His production trajectory can be broadly described as going from experimental to mainstream, though he recently got the chance to indulge in freakier sounds with Chinese artist SingerSen. Early Sigsworth productions, from the dawn of the ‘90s, are usually danceable; cloaked in thick, hazy atmosphere; featuring synth pads that pulse and recede like waves; laced with busy high-frequency percussion; and contain the harpsichord. He also liked to throw in some Indian flavor from time to time, featuring tabla, sitar, and Indian music scales; this habit continues today. It was clear from the beginning that Guy pays little regard for staying within genre boundaries.
From the late ‘90s on, Guy began to incorporate samples, reversed keys, scratchy distortion, pitch-bent basslines and glitchy sound effects into his pieces. He also has a propensity for working with female vocalists with distinctive tones, beginning with Imogen Heap in the mid-‘90s, then Björk, Kate Havnevik, and Diana Vickers.
By the time he was working with Madonna, Britney, and his duo Frou Frou in the 2000s, he had shifted much of his focus towards shiny, polished pop, tracks that sometimes seem to overflow with instruments. His sonic palette since the start has been heavily electronic, with repeated attempts at electric guitar parts usually sounding flat. This is compensated by his impressive skill at arranging string parts, whether they need to sound threatening, kinetic, or just plain pretty.
Capable of playing off-kilter or straight down the middle, Sigsworth can flip from aggression to beauty in his work without breaking a sweat. On the eve of his next major project release, Alison Moyet’s the minutes, here’s a countdown of Guy’s best productions based on creativity, complexity, and emotional connection.
10. “It’s Better to Have Loved” by Temposhark (2008)
Here’s a typical example of Sigsworth’s signature sound in the 2000s: pitch-bending electro bass squelches that spew sinister smoke in the verse, before cinematic strings bring sweeping sentimentality in the chorus.
9. “Unravel” by Björk (1997)
Was there any way that this guy’s work on Björk’s best album wouldn’t come up? Guy’s production contribution for Homogenic—he also worked on the classic “All Is Full of Love” as an instrumentalist—is minimal compared to his regular tendencies, but effective an remarkable all the same. The airy organ, tumbling backwards keys and moaning percussion aurally approximate human breaths and heartbeats, as if we hear her bodily sensations along with her voice.
8. “Should Have Known” by Robyn (2002)
Before the Swedish DIY pop artist reminded everyone how awesome she was in 2005 (and rerecorded this track in a simpler style), Guy worked with Robyn on two tracks, both examples of edgy electronic pop. “Should Have Known” stands slightly above “Blow My Mind” thanks to its breathing, pumping sonics via a rubbery bassline and drifting synth pads.
7. “Must Be Dreaming” by Frou Frou (2002)
Sigsworth’s duo with Imogen Heap only lasted for one album, but what an album it is. Concocting a heady mix from his favorite shades of pop, electronica, symphonic, Indian and jazz trumpet, and positively overflowing with instruments, you get the sense that the producer found a perfect match in Heap and together, they did whatever the heck they wanted. Impossible to pick just one representative from the album, “Must Be Dreaming” gets the spotlight for its varied instrumentation and shifting moods.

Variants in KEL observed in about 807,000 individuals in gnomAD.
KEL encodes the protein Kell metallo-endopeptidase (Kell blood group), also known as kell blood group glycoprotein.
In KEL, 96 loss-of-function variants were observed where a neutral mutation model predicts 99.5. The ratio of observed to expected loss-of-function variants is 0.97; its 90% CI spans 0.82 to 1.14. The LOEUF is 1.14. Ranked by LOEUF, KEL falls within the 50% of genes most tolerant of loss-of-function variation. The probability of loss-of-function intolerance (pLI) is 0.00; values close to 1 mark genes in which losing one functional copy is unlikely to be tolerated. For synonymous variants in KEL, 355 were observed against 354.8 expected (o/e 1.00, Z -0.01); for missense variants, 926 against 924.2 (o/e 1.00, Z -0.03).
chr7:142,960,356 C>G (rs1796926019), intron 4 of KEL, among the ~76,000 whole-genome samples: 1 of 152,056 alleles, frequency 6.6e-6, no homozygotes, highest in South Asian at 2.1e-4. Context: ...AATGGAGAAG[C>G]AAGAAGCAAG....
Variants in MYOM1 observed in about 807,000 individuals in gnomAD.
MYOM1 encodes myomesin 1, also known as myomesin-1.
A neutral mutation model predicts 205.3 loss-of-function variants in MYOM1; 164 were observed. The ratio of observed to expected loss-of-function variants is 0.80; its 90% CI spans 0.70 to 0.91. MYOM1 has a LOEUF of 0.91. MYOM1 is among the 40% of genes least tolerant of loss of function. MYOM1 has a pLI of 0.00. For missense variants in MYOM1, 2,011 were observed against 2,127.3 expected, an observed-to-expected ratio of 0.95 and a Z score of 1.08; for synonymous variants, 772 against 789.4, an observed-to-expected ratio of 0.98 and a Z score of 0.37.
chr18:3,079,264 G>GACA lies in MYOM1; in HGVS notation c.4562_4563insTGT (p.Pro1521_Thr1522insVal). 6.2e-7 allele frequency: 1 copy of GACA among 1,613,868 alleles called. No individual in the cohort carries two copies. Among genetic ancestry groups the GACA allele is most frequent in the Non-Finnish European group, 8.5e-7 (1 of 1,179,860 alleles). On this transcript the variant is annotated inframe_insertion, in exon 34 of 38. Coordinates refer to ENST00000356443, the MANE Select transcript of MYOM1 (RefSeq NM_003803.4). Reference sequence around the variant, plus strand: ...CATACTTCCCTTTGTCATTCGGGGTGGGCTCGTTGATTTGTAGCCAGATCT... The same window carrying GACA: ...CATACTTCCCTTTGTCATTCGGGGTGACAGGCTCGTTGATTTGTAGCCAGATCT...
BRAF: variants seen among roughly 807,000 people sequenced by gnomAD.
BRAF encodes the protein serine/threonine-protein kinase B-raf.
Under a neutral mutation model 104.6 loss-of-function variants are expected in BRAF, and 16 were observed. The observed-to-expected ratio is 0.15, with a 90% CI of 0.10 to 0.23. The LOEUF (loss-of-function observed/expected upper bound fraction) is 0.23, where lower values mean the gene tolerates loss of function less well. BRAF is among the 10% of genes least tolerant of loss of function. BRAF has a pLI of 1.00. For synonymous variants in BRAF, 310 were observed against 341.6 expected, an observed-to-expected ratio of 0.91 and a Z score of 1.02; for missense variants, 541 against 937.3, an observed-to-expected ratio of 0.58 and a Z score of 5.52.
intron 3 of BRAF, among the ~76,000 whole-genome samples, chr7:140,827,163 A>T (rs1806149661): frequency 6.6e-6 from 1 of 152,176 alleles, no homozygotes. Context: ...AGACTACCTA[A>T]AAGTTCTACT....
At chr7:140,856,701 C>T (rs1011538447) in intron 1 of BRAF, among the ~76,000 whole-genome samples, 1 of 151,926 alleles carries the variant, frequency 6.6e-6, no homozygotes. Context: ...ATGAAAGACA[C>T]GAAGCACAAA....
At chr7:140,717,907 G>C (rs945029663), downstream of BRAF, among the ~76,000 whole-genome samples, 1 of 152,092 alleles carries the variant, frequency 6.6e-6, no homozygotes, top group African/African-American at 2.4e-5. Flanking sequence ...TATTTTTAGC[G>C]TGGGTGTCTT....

6. “What It Feels Like for a Girl” by Madonna (2000)
An excellently placed spoken word sample (delivered by Charlotte Gainsbourg) and a keening synth line immediately set the tone for Madge’s track as fashionably lonely. The producer then builds the song from a groovy verse section, driven by a cool beat and filtered bass licks, towards a dreamy chorus washed over by tidal keys and pads.
For its fourth studio album and first without founding members Josh and Zac Farro, Paramore have made its most ambitious album to date. The self-titled album is more eclectic and more pop-centric than the first three, and it also might be the group's best.
Paramore’s new, self-titled, album is its highest charting to date, debuting at number one on both the UK and US album charts. It is also one of the band’s more critically appreciated albums to date. This all comes in spite of the fact that this album, the fourth studio album of its career, is the first since the departure of founding members Josh and Zac Farro.
With the Brothers Farro gone, the band’s remaining members, Hayley Williams, Jeremy Davis, and Taylor York, are left to pick up the songwriting load that had typically been carried by Josh Farro. And the three have seemed to fare pretty well, crafting an album of 17 (!) pretty stellar tracks. Though it’s certainly the group’s poppiest effort to date, incorporating more pop production techniques and varied approaches to songwriting, Paramore still holds onto its pop-punk roots. Williams sounds as good as ever and amongst the softer pop tracks, the band shows they still know how to rock on songs like “Be Alone”, “Anklebiters”, and “Daydreaming”.